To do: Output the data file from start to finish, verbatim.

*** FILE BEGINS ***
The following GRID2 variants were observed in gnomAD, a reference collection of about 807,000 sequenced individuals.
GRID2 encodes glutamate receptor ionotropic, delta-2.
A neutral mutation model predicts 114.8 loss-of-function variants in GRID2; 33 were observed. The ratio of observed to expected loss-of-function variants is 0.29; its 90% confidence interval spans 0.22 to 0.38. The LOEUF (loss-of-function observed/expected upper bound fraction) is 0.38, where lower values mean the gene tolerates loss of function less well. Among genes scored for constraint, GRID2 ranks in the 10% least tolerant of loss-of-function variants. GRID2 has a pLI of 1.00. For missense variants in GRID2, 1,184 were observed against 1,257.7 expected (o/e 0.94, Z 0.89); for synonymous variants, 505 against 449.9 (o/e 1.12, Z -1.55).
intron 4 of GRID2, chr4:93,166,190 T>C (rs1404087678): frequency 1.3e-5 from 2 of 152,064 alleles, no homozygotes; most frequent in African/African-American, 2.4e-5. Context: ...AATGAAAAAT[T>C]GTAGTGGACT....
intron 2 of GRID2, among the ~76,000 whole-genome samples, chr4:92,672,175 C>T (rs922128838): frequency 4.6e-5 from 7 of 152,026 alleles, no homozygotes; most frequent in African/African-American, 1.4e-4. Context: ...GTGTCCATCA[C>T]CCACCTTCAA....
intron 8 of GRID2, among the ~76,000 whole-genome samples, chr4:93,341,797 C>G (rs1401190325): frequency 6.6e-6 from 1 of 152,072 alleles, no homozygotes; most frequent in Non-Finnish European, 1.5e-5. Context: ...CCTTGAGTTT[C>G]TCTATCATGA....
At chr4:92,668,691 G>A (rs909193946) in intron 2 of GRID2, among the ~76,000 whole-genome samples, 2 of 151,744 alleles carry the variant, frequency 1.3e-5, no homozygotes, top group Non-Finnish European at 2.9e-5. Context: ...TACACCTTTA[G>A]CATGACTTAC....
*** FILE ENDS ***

The following GRID2 variants were observed in gnomAD, a reference collection of about 807,000 sequenced individuals.
GRID2 encodes glutamate receptor ionotropic, delta-2.
A neutral mutation model predicts 114.8 loss-of-function variants in GRID2; 33 were observed. The ratio of observed to expected loss-of-function variants is 0.29; its 90% confidence interval spans 0.22 to 0.38. The LOEUF (loss-of-function observed/expected upper bound fraction) is 0.38, where lower values mean the gene tolerates loss of function less well. Among genes scored for constraint, GRID2 ranks in the 10% least tolerant of loss-of-function variants. GRID2 has a pLI of 1.00. For missense variants in GRID2, 1,184 were observed against 1,257.7 expected (o/e 0.94, Z 0.89); for synonymous variants, 505 against 449.9 (o/e 1.12, Z -1.55).
intron 4 of GRID2, chr4:93,166,190 T>C (rs1404087678): frequency 1.3e-5 from 2 of 152,064 alleles, no homozygotes; most frequent in African/African-American, 2.4e-5. Context: ...AATGAAAAAT[T>C]GTAGTGGACT....
intron 2 of GRID2, among the ~76,000 whole-genome samples, chr4:92,672,175 C>T (rs922128838): frequency 4.6e-5 from 7 of 152,026 alleles, no homozygotes; most frequent in African/African-American, 1.4e-4. Context: ...GTGTCCATCA[C>T]CCACCTTCAA....
intron 8 of GRID2, among the ~76,000 whole-genome samples, chr4:93,341,797 C>G (rs1401190325): frequency 6.6e-6 from 1 of 152,072 alleles, no homozygotes; most frequent in Non-Finnish European, 1.5e-5. Context: ...CCTTGAGTTT[C>G]TCTATCATGA....
At chr4:92,668,691 G>A (rs909193946) in intron 2 of GRID2, among the ~76,000 whole-genome samples, 2 of 151,744 alleles carry the variant, frequency 1.3e-5, no homozygotes, top group Non-Finnish European at 2.9e-5. Context: ...TACACCTTTA[G>A]CATGACTTAC....